BANYAN MOON, by Thao Thai
In Thao Thai’s debut novel, “Banyan Moon,” Huong Tran, one of the story’s protagonists, confides, “After years of living with my mother, her prudishness and stingy love caging me tight, I longed desperately for something free, something that felt attached to me and no one else.” Feelings of entrapment and spite are prominent in this book, a multi-perspective family saga that chronicles the lives of three Vietnamese women from 1960s Vietnam to present-day Florida.
The novel opens with a flashback, set in 1998, when grandmother Minh, mother Huong and child Ann traipse along the beach of Florida’s Gulf Coast, noses twitching from the “red-tide-scummed ocean.” Tensions are high as Huong observes with envy the palpable closeness between her mother and her 7-year-old daughter. She struggles to reconcile the nurturing Minh in front of her with the one she remembers from her youth, an aloof single mother fleeing war-torn Vietnam. What’s more, she feels this new Minh threatens her own coveted role as mother. When it comes to caring for Ann, Minh consoles while Huong reprimands. The difference in their instincts makes Huong feel alienated — she cannot compete with Minh’s newfound forbearance.
In the present day, Ann is an illustrator living in Michigan with her wealthy, white boyfriend. Her connection to her mother remains frayed while she continues to sanctify Minh. Yearning for autonomy, she has constructed an “ill-fitting cashmere life” away from home, calling Huong only to inquire about family recipes. In a succession of brutal revelations just as she is questioning her happiness, Ann learns she is pregnant, that her boyfriend has been cheating on her and that her beloved grandmother has died. The only person she can turn to is the one she fled: Huong.
So begins Ann’s journey to the Banyan House, a sprawling Gothic dwelling that lies in the swamplands of Florida, which both she and Huong have inherited after Minh’s death. Pivotal moments for both mother and daughter have transpired in this dilapidated mansion — it’s the place where both Huong and Ann were raised, where Huong decided she would leave her abusive husband, Vinh, and where calamitous secrets have been long buried.
Readers will find something pleasurably atmospheric about the Banyan House. “You’re all growing strange, speaking in riddles. Soon your hair will get witchy,” Huong’s brother, Phuoc, says in one of his many attempts to take ownership of the house so he can renovate and possibly sell it.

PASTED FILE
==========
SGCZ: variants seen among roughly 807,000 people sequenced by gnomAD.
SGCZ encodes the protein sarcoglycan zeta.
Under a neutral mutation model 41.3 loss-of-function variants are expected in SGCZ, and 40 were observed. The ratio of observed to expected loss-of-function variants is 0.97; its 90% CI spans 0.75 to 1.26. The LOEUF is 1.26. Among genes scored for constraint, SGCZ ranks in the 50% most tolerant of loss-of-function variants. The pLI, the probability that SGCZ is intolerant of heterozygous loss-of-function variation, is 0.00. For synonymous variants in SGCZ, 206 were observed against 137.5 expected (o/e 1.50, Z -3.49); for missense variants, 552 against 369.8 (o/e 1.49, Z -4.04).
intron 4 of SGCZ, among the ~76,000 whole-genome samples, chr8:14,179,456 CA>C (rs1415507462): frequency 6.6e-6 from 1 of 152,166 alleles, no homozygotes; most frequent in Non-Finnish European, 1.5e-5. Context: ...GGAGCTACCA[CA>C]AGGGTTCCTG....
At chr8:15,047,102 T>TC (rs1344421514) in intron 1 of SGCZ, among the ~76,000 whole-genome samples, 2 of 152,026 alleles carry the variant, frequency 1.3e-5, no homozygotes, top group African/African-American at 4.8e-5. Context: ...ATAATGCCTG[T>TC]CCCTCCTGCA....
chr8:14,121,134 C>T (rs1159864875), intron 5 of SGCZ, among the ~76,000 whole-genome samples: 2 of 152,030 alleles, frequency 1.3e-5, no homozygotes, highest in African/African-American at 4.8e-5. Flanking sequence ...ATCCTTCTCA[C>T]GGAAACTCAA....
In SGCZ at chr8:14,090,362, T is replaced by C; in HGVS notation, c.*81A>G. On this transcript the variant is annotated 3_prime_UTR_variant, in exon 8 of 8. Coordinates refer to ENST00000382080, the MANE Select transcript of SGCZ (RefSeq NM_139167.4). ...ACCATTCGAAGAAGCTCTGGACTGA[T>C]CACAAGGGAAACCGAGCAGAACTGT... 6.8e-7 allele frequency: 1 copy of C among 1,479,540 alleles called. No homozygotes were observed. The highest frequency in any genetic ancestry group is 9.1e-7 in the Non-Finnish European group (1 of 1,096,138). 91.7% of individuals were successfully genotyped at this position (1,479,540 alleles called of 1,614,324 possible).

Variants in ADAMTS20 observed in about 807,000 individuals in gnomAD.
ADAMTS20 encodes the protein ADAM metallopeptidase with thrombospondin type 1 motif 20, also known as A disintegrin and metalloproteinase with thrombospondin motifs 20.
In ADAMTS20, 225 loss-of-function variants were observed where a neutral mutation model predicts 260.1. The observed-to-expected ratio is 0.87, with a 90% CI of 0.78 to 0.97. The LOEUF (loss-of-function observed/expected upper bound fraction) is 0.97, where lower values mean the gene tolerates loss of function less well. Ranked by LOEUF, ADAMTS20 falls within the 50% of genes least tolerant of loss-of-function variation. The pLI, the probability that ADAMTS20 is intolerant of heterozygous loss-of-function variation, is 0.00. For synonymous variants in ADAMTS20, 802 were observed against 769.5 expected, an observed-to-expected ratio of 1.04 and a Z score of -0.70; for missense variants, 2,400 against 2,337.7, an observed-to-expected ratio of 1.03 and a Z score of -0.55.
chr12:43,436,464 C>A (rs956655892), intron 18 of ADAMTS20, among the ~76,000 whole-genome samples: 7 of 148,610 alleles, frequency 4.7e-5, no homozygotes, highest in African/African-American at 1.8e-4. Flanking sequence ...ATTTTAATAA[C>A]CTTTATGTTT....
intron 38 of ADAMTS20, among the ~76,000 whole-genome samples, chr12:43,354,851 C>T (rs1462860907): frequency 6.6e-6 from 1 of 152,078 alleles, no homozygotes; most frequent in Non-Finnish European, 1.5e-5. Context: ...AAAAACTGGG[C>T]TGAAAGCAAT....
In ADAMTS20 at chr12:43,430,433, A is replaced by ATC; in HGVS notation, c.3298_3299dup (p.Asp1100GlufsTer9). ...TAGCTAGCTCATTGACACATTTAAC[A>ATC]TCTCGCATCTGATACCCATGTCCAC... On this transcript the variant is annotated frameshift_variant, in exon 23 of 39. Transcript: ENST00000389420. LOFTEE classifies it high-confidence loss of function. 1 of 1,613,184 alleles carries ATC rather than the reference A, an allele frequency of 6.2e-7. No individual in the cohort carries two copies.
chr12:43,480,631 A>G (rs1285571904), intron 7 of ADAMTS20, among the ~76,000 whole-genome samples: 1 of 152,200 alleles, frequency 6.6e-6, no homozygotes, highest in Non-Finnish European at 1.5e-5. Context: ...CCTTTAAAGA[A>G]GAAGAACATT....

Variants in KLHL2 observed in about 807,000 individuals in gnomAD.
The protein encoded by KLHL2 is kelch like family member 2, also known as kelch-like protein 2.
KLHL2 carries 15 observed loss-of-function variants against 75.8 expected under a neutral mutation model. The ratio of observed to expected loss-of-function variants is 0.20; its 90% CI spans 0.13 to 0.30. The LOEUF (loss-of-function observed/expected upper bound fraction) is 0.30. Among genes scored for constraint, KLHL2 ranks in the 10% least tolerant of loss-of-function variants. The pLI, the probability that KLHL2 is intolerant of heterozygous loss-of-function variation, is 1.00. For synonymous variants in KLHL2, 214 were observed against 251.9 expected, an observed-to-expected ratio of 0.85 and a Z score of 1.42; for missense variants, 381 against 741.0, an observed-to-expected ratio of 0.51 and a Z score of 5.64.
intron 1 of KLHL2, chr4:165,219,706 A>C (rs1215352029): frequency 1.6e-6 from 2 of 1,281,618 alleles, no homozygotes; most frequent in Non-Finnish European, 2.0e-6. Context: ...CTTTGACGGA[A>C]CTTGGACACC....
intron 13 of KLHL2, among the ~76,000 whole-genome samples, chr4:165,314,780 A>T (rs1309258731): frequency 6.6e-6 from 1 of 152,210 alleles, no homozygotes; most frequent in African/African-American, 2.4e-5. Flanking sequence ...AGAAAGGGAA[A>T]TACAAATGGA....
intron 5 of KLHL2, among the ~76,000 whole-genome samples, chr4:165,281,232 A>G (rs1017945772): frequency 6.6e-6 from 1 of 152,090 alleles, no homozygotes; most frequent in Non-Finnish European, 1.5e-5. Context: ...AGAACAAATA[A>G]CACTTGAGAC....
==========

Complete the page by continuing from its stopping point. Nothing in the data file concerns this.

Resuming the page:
Without their revered matriarch and mediator, Huong and Ann must contend with their fractured relationship. Perceived slights, betrayals and failings to understand each other permeate their dynamic. Their confrontations can err on the side of sentimentality, but they are often balanced by Thai’s keen insight: “The shame of motherhood is that your instincts never leave,” Huong thinks, “even as everyone decides they aren’t needed anymore.”
“Banyan Moon” is strongest when exploring the unique blend of contempt and fury that can exist between mothers and daughters. It is quietly devastating to witness Ann’s battle to forgive a guilt-ridden Huong. Thai renders these feelings with nuance and a familiarity that is sometimes difficult to bear.
The story’s maneuvering through time and space provides a roundness to the Tran women, allowing readers to see aspects of, and similarities between, each character that they keep from one another. Each woman withholds truths from the rest of her family in an effort to protect them, but that impulse is also what prevents them from being there for one another.
In the wake of Minh’s death, Ann yearns to discover more about her. Rifling through the Banyan House to find remnants of her grandmother, she uncovers a secret that could break Huong’s heart. Meanwhile, unbeknown to Ann, Huong is guarding a secret of her own. We are all capable of terrible things, Minh’s mother once told her. But what if the terrible thing is also the kindest? “Banyan Moon” urges readers to consider whether it is best for some truths to remain hidden — whether deceit can ultimately be an act of love.
Kayla Maiuri is the author of “Mother in the Dark.”
BANYAN MOON | By Thao Thai | 330 pp. | Mariner Books | $30